The most basic benefit of being in a relationship is the confidence you derive from having a teammate you can rely on to help with the vicissitudes of life. Below is a chart of life:

Ups and downs of life

Life chart

If we have a companion, confidant, and lover along the way, these unexpected dips and turns are easier to manage because you are not going alone. You know and trust that they will have your back through the inevitable pitfalls of life. When you have this trust, a sense of security is created.

Affairs usually occur because one or both partners have gotten squirmy and have started to bail on being teammates in one form or another.

Since the affair has put the foundation of the relationship into question for the hurt partner – much like a rug being pulled out from underneath them – it is up to the unfaithful partner to demonstrate that they are worthy of trust.

Dr. Janis Spring, author of After the Affair: Healing the Pain and Rebuilding Trust When a Partner Has Been Unfaithful, states that to get to the rebuilding trust phase of a relationship, the hurt partner must first normalization his or her intense feelings and then make a decision to recommit with the unfaithful partner. After this occurs, ways to rebuild trust fall into two categories of behavior.

The first is what she calls low-cost behaviors, and the second is high-cost behaviors.

Below are examples of some low-cost behaviors for the unfaithful partner to begin to rebuild trust. Remember, it’s your job to continue to demonstrate that you are worthy of trust.

  • Leave little up to assumption. For example, give your partner the complete itinerary when you travel.
  • Let your partner know if you run into the affair person.
  • Check in throughout the day remind your partner you are thinking about them.
  • Remind your partner that you love them, and why you picked him or her.
  • Tell your partner that you find them attractive.
  • Tell your partner how much you appreciate them.
  • Leave little up to assumption in regards to your feelings and emotions. Fill your partner in on your emotional landscape, especially if you are not used to doing this.
  • Ask what you need from your partner to make the relationship more satisfactory. Do this in a way that does not blame your partner, or justifies your behavior.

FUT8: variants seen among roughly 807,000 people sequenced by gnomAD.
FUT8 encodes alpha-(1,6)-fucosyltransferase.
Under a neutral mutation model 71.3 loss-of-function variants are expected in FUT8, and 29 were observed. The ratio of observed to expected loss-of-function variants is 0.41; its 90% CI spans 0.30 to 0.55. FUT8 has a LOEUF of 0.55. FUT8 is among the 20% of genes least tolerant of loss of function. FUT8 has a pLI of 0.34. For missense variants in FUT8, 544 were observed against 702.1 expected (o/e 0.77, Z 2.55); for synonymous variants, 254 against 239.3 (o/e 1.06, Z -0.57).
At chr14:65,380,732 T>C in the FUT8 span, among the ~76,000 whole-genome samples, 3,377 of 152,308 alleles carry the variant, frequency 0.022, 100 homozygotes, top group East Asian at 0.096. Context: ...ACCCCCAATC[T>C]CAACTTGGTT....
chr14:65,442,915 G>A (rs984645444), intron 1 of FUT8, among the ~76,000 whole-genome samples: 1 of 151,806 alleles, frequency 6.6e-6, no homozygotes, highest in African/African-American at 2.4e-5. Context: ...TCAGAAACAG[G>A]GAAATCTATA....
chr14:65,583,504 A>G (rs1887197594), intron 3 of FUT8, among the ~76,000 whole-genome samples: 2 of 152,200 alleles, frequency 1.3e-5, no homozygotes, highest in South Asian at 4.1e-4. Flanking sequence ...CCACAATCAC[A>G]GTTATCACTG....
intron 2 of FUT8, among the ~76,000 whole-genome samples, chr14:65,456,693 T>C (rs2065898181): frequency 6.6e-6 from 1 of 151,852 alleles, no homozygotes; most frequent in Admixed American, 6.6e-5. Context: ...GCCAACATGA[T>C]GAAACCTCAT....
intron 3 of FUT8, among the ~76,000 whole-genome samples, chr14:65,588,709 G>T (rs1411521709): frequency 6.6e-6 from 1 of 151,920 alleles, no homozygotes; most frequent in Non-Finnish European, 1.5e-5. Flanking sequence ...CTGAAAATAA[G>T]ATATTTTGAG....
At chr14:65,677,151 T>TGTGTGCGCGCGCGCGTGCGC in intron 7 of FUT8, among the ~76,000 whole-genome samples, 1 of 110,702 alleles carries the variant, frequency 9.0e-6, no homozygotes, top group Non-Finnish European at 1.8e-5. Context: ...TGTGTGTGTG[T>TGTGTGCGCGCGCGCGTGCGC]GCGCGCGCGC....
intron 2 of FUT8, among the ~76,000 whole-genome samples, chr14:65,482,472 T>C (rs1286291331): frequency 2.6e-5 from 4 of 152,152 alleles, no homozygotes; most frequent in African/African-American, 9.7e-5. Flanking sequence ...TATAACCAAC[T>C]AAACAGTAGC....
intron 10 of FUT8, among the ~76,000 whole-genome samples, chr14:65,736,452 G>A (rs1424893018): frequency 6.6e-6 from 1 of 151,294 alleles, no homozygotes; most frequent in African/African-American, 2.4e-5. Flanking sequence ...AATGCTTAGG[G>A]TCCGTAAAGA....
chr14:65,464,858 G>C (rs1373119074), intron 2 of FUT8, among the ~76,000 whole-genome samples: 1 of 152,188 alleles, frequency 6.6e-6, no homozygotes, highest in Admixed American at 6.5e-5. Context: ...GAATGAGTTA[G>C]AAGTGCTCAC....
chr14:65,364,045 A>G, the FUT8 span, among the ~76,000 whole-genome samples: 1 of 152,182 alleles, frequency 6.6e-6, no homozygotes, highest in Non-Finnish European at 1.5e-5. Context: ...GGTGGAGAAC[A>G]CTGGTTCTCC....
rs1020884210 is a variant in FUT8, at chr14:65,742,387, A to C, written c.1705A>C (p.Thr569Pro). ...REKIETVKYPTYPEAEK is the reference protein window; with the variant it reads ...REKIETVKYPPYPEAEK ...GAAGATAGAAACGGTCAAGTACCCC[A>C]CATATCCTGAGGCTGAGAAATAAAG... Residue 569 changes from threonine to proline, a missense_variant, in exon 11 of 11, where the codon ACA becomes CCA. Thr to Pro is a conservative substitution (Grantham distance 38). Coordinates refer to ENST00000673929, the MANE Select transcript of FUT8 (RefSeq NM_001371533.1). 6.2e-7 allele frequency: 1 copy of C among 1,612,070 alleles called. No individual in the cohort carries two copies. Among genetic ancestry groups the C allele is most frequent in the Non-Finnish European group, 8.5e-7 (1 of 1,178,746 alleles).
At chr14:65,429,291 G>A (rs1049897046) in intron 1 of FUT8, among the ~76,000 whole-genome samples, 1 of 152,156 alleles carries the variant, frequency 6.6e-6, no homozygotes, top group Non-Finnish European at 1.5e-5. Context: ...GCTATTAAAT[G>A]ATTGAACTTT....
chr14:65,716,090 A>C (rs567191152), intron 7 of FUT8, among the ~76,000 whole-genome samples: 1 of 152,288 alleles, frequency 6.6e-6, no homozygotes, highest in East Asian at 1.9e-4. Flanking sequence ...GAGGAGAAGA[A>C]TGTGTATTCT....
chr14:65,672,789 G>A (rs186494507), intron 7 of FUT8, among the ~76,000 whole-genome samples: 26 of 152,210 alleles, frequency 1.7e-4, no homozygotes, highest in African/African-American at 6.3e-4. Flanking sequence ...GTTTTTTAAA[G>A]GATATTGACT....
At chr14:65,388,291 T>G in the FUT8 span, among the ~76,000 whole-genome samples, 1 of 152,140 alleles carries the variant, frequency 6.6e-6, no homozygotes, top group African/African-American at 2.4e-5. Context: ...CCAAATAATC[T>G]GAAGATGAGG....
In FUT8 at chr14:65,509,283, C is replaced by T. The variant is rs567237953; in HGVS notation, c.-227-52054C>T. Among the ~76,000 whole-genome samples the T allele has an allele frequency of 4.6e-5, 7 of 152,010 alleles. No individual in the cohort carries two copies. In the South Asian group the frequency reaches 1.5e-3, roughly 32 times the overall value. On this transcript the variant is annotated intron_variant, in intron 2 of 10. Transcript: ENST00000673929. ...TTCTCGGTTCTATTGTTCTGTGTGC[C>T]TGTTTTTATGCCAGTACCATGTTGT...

• Have patience — you can’t regain trust overnight.

Below are examples of low-cost behaviors for you, the hurt partner. Remember it is important to positively acknowledge your partner’s efforts to restore your trust.

  • Let your partner know specifically what low-cost behaviors you need from them to restore your trust; leave little up to assumption.
  • Let your partner know that you appreciate their above efforts – specificity helps.
  • Tell them that you are feeling more optimistic about your future together.
  • Be open to feedback.
  • Demonstrate that you are trying to address his or her dissatisfaction at home.
  • If your partner is trying to be more emotionally open, be patient, and appreciate such efforts especially if your partner is new to it.
After the Affair

I highly recommend this book.

These low-cost behaviors are the building blocks for rebuilding trust. They are essential for sharing responsibility for what went wrong in the relationship. Dr. Springs states that low-cost behaviors are not enough.

High-cost behaviors are the bedrock of the trust-building phase that squarely falls on the shoulders of the unfaithful person.

She writes:

“It’s not enough for you to say, ‘Trust me, honey – I’m here to stay.’ You have to back your claim with dramatic gestures that are ‘expensive’ – in other words, that require real sacrifice and will probably make you feel uncomfortable and vulnerable.”

Examples of high-cost behaviors are:

  • Allowing your partner to have your passwords, and bank account information if requested.
  • Having a joint bank account, or dividing assets in half.
  • Transferring jobs – away from the affair person.
  • Moving to a different city.
  • Going to drug and alcohol treatment, staying sober, or going to 12-step meetings.
  • Going to individual therapy in order to gain more insight into why the affair occurred.
  • Going to couple therapy to process the affair, as well as learn ways to prevent future infidelity by transforming the relationship.
  • Cutting ties with old friends or social groups.
  • Going on a romantic vacation.

The silver lining to such high-cost behaviors for you, the unfaithful person, is that they will make you a better person.

They will force you to be someone who is worthy of trust, someone who has examined his or her self and who now has nothing to hide. You will be a better example for your kids if you have them. Although difficult at first, you may find such integrity and transparency altogether more satisfying.

The good news is, if an affair has occurred and you both wish to remain in the relationship, you can take concrete steps to become teammates again.

You can’t schedule the restoration of trust and most likely it will never return to how it was, but eventually it can be better. With work, strongly committed couples can rebuild the trust and security that is the foundation for a happy relationship.

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